Categories are messed up
During my interview for Facebook, I was asked to propose ideas for improving Page creation flow. This part of the UI hadn't been updated in years, and it showed. The dropdowns felt really long, and they didn't show the most useful categories. There was also a lot of overlap between different concepts: For example, how are business owners supposed to know if they're a "local business" or a "company"?
I saw that the taxonomy had major issues, and that any design improvements would have to take that into account.
The taxonomy problem kept nagging at me. As the content strategist for Facebook Pages, I decided to see what I could do to to improve the create flow. My hypothesis: Making the taxonomy simpler would improve the user experience for admins, and it would help make their Pages more findable.
Making a business case
Overhauling categories was a big undertaking with a lot of technical complexity. No one I talked to was keen to start from scratch.
So to better understand the issues and define the problem, I:
- Conducted a content audit of categories used on Facebook
- Studied schema.org and other taxonomy systems
- Met with engineers, product managers, and other stakeholders to hear their ideas on improving categories
Based on this, I summarized the issues in a presentation and shopped it around until I found an engineering team that I could partner with. We called the project "CatKit."
Content modeling on whiteboards
We started by trying to define the project goals and requirements. This involved a lot of worksessions, whiteboard diagrams, and post-its.
Card sorting and grouping by type
I then gathered up all the different categories used on Facebook. The spreadsheet felt unwieldy, so I printed out all the categories on cards and tried organizing them into groups. It was fun, but it only got us so far—there were too many to deal with.
A way to manage categories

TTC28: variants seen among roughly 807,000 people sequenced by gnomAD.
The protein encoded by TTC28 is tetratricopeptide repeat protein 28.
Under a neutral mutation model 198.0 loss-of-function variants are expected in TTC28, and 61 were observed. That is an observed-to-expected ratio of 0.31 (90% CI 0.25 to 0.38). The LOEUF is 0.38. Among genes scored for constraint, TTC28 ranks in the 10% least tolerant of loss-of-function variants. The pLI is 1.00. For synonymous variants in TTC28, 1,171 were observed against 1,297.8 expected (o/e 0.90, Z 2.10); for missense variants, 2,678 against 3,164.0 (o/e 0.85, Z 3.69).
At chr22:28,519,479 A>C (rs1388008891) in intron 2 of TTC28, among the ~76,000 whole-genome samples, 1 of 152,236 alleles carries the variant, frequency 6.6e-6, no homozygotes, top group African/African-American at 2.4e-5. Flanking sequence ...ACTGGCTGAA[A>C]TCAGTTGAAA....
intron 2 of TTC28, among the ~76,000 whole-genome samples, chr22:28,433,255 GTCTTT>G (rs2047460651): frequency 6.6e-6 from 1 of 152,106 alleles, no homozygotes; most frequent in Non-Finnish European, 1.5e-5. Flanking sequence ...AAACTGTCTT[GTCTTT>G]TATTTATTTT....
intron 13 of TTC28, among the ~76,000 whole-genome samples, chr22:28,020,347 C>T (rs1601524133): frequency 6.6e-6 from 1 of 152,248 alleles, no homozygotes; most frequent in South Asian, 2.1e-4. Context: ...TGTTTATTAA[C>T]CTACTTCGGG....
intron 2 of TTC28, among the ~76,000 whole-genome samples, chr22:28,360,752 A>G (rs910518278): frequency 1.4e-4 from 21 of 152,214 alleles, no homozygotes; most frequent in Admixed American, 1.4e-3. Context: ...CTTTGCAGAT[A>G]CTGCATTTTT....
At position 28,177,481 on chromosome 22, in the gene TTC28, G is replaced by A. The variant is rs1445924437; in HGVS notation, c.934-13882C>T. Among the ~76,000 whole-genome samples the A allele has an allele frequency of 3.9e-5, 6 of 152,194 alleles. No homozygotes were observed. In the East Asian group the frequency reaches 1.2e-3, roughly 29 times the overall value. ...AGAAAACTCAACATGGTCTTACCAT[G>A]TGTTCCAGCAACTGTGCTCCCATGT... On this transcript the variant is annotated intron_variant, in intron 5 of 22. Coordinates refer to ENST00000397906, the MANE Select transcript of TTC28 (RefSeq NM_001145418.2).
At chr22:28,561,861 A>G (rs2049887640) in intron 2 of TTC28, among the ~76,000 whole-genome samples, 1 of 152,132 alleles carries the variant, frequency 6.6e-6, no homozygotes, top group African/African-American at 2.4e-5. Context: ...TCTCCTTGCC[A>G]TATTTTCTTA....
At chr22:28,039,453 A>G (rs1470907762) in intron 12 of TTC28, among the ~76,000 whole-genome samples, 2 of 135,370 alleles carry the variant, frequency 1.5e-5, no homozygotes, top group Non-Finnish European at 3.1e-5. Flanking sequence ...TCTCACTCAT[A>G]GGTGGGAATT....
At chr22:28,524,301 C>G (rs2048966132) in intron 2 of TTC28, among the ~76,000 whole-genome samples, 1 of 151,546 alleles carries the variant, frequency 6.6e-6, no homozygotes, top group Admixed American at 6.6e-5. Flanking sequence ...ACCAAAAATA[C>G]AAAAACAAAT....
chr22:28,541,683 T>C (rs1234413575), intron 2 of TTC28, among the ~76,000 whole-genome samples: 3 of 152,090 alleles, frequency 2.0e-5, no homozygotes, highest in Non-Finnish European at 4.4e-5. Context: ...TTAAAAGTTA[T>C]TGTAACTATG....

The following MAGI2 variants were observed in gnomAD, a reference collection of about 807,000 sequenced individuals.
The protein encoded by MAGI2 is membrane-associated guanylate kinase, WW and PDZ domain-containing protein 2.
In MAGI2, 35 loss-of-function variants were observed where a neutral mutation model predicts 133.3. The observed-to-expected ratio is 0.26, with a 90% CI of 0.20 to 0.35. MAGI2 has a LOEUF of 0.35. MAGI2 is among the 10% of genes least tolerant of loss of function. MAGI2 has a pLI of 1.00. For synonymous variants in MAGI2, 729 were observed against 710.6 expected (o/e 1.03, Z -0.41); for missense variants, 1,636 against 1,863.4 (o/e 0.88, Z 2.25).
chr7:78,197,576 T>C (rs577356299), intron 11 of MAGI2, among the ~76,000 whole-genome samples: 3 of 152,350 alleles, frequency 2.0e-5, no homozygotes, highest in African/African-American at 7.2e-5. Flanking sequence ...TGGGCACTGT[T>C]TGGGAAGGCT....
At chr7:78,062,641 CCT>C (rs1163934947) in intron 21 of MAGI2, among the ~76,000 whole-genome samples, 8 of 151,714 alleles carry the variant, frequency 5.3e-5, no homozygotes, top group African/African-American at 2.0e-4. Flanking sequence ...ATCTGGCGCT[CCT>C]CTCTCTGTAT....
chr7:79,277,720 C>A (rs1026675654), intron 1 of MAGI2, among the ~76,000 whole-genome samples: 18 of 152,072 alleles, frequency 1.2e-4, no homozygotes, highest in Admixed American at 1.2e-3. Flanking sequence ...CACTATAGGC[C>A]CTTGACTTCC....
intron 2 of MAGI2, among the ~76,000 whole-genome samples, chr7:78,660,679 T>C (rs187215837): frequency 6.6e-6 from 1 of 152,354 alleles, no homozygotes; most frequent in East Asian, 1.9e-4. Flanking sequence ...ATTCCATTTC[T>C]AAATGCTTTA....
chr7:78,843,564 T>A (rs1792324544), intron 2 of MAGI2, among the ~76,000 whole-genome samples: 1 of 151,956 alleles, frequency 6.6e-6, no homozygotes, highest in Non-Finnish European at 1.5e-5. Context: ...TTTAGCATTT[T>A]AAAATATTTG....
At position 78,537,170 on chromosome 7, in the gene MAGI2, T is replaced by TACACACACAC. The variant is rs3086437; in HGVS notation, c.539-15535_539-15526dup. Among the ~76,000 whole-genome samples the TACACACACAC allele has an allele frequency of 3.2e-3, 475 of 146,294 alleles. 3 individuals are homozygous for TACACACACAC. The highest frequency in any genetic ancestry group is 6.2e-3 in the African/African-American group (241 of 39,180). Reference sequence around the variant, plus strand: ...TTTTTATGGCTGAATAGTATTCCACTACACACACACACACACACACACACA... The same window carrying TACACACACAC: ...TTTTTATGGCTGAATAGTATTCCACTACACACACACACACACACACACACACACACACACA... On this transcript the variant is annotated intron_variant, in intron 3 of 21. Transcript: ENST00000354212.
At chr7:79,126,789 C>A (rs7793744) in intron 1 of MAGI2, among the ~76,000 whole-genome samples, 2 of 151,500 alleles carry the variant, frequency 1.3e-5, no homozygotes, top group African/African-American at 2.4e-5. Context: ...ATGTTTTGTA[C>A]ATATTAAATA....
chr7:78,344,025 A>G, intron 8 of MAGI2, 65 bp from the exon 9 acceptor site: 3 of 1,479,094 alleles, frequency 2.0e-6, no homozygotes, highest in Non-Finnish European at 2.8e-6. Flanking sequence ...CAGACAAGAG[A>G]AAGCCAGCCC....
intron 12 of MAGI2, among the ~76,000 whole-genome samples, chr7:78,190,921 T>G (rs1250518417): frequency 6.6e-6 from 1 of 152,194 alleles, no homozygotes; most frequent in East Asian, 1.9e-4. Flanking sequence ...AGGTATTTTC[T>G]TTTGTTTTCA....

Working with a taxonomist and a team of engineers, I made recommendations to improve the taxonomy (well, technically it was an "ontology"). This involved:
- Defining the types of relationships between all concepts
- Choosing the user-facing display name
- Creating a new version of the category content management system.
After months of analysis and content modeling (and countless hours staring at spreadsheets), we:
- Created groups based on schema.org Organized categories by type. For example, places (Clinic), professions (Doctor), and high-level topics (Health/Medical)
- Defined naming conventions Standardized and introduced consistent naming
- Removed duplicates Identified redundant concepts
- Created a migration plan Documented what to rename, delete, split—and how this maps to the current system
Alas, the improved categories aren't on the site yet
At the end of the project, I delivered a spreadsheet outlining the proposed categories and migration plan. While I felt really good about where we landed, it's quite complicated to implement these types of changes, and as of today our recommendations aren't up on the site. Who knows, maybe they'll get to it one day!
FACEBOOK PAGES TAXONOMY
Make it easier for people to create a Facebook page and choose the right category for their business or organization.
I led the effort to propose a new taxonomy for Facebook Pages.
HOW I HELPED
- Made a business case for improving category taxonomy
- Led taxonomy redesign effort: conducted content audit and hired a taxonomy expert for the project
- Shared comprehensive taxonomy proposal with engineering teams